amendment. we were at restaurant earlier where folks were saying they were arming themselves as well. others, however, not as concerned. we hear that detailed information that this was a sophisticated operation, a preplanned execution that was methodical. that they were singling out this family. we spoke to the best friend of dana rhoden earlier this morning. she believes that this family was stalked. dana rhoden leaving work at about 11:00 p.m. on thursday night. the shooting happened at about 7:30 a.m. on friday morning. that's when the first 911 call came in. the pastor for smufr tsome of te victims of the family also told us, he believes that this family was stalked. investigators would not go so far as to say they belief the family was stalked. they were saying this family was singled out.
as far as a concern of pib safety to this area, they are very concerned about the extended relatives of the rhoden family because they were singled out. >> i want to bring in the sound from the ohio attorney general talking about these three marijuana grow operations you discussed, nick. let's take a listen to that. >> let me go ahead and i think it's okay for us to confirm that we did find marijuana in three locations. >> near the crime scenes or at the crime scenes? >> at the crime scenes. >> like bags of marijuana? >> grow operation. >> what might that mean in this investigation? >> if they were in some type of criminal conspiracy, they might have competitors, they might have people that they're working with, colleagues, they could have double-crossed someone or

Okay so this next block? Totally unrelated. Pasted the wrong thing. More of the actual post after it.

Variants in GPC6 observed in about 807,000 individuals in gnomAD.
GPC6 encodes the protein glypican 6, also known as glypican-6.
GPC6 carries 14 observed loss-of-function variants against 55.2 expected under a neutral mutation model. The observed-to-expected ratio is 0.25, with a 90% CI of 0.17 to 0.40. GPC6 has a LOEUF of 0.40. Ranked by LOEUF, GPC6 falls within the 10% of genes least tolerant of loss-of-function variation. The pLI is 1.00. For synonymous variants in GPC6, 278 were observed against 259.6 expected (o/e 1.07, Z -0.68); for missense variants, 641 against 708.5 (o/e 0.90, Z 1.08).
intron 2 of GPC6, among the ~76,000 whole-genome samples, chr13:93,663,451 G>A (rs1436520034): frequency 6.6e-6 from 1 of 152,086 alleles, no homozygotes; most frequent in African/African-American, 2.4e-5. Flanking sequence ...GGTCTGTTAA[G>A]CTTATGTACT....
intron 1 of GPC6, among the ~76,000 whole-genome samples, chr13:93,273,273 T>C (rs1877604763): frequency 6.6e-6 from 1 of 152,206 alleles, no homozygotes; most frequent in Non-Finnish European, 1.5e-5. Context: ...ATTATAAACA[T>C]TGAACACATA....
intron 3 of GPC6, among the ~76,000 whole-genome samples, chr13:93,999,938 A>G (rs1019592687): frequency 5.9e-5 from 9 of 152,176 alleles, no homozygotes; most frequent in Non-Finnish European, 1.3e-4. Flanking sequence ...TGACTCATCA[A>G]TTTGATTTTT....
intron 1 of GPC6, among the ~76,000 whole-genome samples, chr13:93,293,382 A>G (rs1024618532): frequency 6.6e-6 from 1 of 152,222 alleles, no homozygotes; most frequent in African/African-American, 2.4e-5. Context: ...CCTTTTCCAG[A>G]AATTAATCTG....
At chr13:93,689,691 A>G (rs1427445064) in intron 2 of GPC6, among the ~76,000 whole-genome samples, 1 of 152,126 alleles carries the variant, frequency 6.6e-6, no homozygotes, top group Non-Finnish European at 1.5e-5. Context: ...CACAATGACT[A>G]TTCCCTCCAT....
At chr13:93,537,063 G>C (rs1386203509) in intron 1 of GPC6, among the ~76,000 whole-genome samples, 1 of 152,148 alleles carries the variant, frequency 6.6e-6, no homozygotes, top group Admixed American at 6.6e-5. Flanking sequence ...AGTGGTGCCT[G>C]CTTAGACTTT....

someone double-crossed them. we'd have to learn more about this growing activity, how big of an operation was it, how much money were they earning from it. was it just for personal friends and family consumption. the sheriff didn't go into enough detail to describe whether this was a big criminal venture in the state of ohio or not. >> really quickly, nick, you mentioned some people who knew the family believed that they were stalked. is there any other indication before these deaths that they told family members, friends that they were afraid for their lives, that they believed they were being stalked. or was it just the timing that one of them got off work at 11:00 p.m. and the killings happened after that. nick valencia? okay. i think we lost nick. by thank you so much, tom